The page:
Why Yes, Quilted Placemats Are the Perfect Beginner Project

If you're ready to give quilting a go, but aren't quite ready to dive into an entire quilt, it's time to meet the quilted placemat. It's the perfect project for practicing new skills, is totally manageable for newbies and, well, it's deliciously stylish.

This particular pattern is extra fun because — hello! — it's reversible. With a solid gold fabric on one side and a cheery polka dot print on the other, your mat can go from average weeknight dinner to fancy soiree with a quick flip.

Quilted Placemats

What You Need


1. Make the Quilt Sandwich

Layer a piece of batting between the two pieces of quilting cotton, wrong sides touching the batting. Pin or spray baste the layers together.

Good to Know

Seasoned pros can skip this step — we did, and the layers stayed together well while quilting. But spray basting is a good technique to practice if you're new!

2. Quilt Your Layers

Starting in the middle, quilt through all the layers using a walking foot . Smooth out the layers as you go. We sewed vertical lines at a slight angle, but feel free to play with design here . Continue until all the layers are quilted together.

3. Trim to Size

 Using a ruler and rotary cutter, trim the placemat to 13" x 18". Let the lines of your cutting mat act as a guide to make sure the edges are straight on all four sides.

4. Attach the Binding


Place the raw edge of your binding strip along the raw edge of the placemat. Beginning in the middle of one side, sew a straight line about ¼" from the edge. When you get ¼" from the corner, pivot your placemat under the sewing foot and sew toward the corner.

5. Create the Mitered Corners

Fold back the binding strip at a 45-degree angle along the line you just sewed. Use your fingernail to make a crease along this fold.

Keeping the fold you just made, fold the strip at a 90-degree angle as pictured. Press the crease with your finger, and place the binding strip's raw edges against the next side of the placemat.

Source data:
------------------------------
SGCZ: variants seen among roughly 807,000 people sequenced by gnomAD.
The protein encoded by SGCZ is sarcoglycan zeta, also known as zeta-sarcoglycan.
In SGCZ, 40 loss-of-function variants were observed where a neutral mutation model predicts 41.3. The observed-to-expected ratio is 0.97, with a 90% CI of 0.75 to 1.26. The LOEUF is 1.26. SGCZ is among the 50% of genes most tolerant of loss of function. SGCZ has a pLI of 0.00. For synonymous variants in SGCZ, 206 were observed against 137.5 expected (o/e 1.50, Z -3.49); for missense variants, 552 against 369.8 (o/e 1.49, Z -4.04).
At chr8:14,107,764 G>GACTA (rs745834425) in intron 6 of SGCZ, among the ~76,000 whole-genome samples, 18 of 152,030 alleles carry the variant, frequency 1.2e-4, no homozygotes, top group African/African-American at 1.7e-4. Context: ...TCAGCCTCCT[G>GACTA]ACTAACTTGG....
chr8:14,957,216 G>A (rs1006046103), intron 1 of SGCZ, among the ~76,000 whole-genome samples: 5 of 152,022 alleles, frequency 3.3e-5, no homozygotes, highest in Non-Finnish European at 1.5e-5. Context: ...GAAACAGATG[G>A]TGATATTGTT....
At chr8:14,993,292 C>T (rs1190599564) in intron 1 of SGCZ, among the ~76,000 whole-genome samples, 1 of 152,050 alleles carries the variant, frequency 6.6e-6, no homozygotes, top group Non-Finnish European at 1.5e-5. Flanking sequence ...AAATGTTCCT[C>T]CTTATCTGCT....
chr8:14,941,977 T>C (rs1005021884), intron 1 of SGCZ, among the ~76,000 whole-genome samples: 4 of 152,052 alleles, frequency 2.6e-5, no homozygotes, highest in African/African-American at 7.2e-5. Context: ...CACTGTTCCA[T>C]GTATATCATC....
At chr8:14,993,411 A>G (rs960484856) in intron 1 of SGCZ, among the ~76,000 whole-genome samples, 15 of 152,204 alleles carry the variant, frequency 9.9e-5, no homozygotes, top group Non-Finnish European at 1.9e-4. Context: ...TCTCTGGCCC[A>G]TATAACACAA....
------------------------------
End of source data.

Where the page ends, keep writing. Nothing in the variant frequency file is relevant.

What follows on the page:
6. Sew Around the Placemat

Sew the next side of the binding strip to the placemat. Continue around all four sides, mitering each of your corners along the way.

7.  Finish the Binding

When you get close to your starting point, leave a gap of about 4".

To join the binding tails, place a sewing pin at the point where they meet, pinning close to the placemat. Make sure the right sides of the binding fabric are touching.

Pull the pinned fabric away from your placemat. Carefully sew a straight line where you pinned together the strips. Trim off the tails ¼" past the stitched line.

Press the seam open and fold the binding in half so it lays nicely on the placemat. Stitch down the remaining binding, being sure to backstitch at both ends.

8. Fold the Binding Over

Press the binding on the front side around to the back; secure with binding clips. Make sure the binding extends past and completely covers the previous stitch line (so your stitches will blend in on the opposite side).

9. Sew the Binding Into Place

With the back side of the placemat facing you, hand-stitch or machine-stitch the binding to the back of your placemat, stitching ⅛ " from the edge of the binding in one continuous stitch. (Backstitch when your final stitches overlap the first ones.) 

Pro Tip

We used thread that matches the front of the placemat in both the spool and bobbin for a nice contrast on the back side. If you prefer stitches that blend in, simply match your top thread to the binding.

That's it! With one placemat down, keep going and make yourself a full set. They don't even have to match — use whatever fun fabric you have to create a laid-back boho vibe.

Variations on Quilted Placemats

1. Skip the Quilting

If you want to opt out of the quilted part of these placemats, skip the batting and fuse a 13" x 18" piece of lightweight interfacing to the front and back fabrics instead, to give them more weight.

2. Skip the Binding

If you're going rouge with no batting and no quilting, you can skip the binding, too. Sew the top and bottom as you would a simple pillow cover. Stitch the top and bottom fabrics right sides together, ¼" from the edge, leaving a 4" turning gap. Turn the placemat right side out. Poke out the corners. Press and hand sew the gap closed. Topstitch the placemat ⅛ " from the edge to finish. This method also gives you a double-sided placemat.

Find Your Next Project

Now that you've mastered some tableware, here are three more small quilting projects you can totally take on. Best part: You could finish each one in a single weekend!

Put your budding quilt-as-you-go skills to use on a lovely quilt that calls to mind a flock of birds. Gudrun shows you how to create a "quilting map" as a placement guide, and then reveals how to make and assemble your units in neat rows.
It's time to stand back and admire your work! In this final lesson, consider how to quilt each piece to unify your mini series. Watch as Suzy demonstrates basting the layers, along with hand- and machine-quilting basics. Plus, she shows you how to frame your quilts so you can proudly show them off.
Don't let your scraps from prior projects go to waste - use them all up in a gorgeous pillow! Gudrun walks you through the process of preparing and color-auditioning your scraps, marking the batting, and assembling your pillow with either an envelope back or zippered closure.

August 27, 2018
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Why Yes, Quilted Placemats Are the Perfect Beginner Project